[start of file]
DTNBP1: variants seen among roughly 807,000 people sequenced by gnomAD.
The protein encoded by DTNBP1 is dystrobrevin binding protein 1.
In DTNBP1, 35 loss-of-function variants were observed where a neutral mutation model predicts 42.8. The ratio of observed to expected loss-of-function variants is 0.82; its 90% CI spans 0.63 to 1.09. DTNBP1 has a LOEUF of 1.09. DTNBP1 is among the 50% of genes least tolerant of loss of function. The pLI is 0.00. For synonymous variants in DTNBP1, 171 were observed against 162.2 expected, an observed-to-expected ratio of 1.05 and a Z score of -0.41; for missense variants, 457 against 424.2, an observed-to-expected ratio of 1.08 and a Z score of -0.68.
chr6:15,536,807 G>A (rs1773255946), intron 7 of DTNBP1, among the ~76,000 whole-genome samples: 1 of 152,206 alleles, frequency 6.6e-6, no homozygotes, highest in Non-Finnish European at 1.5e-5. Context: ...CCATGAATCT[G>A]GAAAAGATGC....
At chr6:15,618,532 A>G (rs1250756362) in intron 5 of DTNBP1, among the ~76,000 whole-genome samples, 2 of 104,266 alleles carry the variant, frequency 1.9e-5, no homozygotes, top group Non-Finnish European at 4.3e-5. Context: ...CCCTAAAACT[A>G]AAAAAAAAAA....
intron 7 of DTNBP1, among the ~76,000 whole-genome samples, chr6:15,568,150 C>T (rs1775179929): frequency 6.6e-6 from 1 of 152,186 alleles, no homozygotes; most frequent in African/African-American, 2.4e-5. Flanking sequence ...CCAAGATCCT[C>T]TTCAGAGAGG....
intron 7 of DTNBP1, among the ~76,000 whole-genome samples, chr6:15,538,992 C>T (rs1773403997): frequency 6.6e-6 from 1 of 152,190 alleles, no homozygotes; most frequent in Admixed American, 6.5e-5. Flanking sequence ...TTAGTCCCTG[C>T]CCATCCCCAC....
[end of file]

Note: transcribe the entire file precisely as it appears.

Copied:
DTNBP1: variants seen among roughly 807,000 people sequenced by gnomAD.
The protein encoded by DTNBP1 is dystrobrevin binding protein 1.
In DTNBP1, 35 loss-of-function variants were observed where a neutral mutation model predicts 42.8. The ratio of observed to expected loss-of-function variants is 0.82; its 90% CI spans 0.63 to 1.09. DTNBP1 has a LOEUF of 1.09. DTNBP1 is among the 50% of genes least tolerant of loss of function. The pLI is 0.00. For synonymous variants in DTNBP1, 171 were observed against 162.2 expected, an observed-to-expected ratio of 1.05 and a Z score of -0.41; for missense variants, 457 against 424.2, an observed-to-expected ratio of 1.08 and a Z score of -0.68.
chr6:15,536,807 G>A (rs1773255946), intron 7 of DTNBP1, among the ~76,000 whole-genome samples: 1 of 152,206 alleles, frequency 6.6e-6, no homozygotes, highest in Non-Finnish European at 1.5e-5. Context: ...CCATGAATCT[G>A]GAAAAGATGC....
At chr6:15,618,532 A>G (rs1250756362) in intron 5 of DTNBP1, among the ~76,000 whole-genome samples, 2 of 104,266 alleles carry the variant, frequency 1.9e-5, no homozygotes, top group Non-Finnish European at 4.3e-5. Context: ...CCCTAAAACT[A>G]AAAAAAAAAA....
intron 7 of DTNBP1, among the ~76,000 whole-genome samples, chr6:15,568,150 C>T (rs1775179929): frequency 6.6e-6 from 1 of 152,186 alleles, no homozygotes; most frequent in African/African-American, 2.4e-5. Flanking sequence ...CCAAGATCCT[C>T]TTCAGAGAGG....
intron 7 of DTNBP1, among the ~76,000 whole-genome samples, chr6:15,538,992 C>T (rs1773403997): frequency 6.6e-6 from 1 of 152,190 alleles, no homozygotes; most frequent in Admixed American, 6.5e-5. Flanking sequence ...TTAGTCCCTG[C>T]CCATCCCCAC....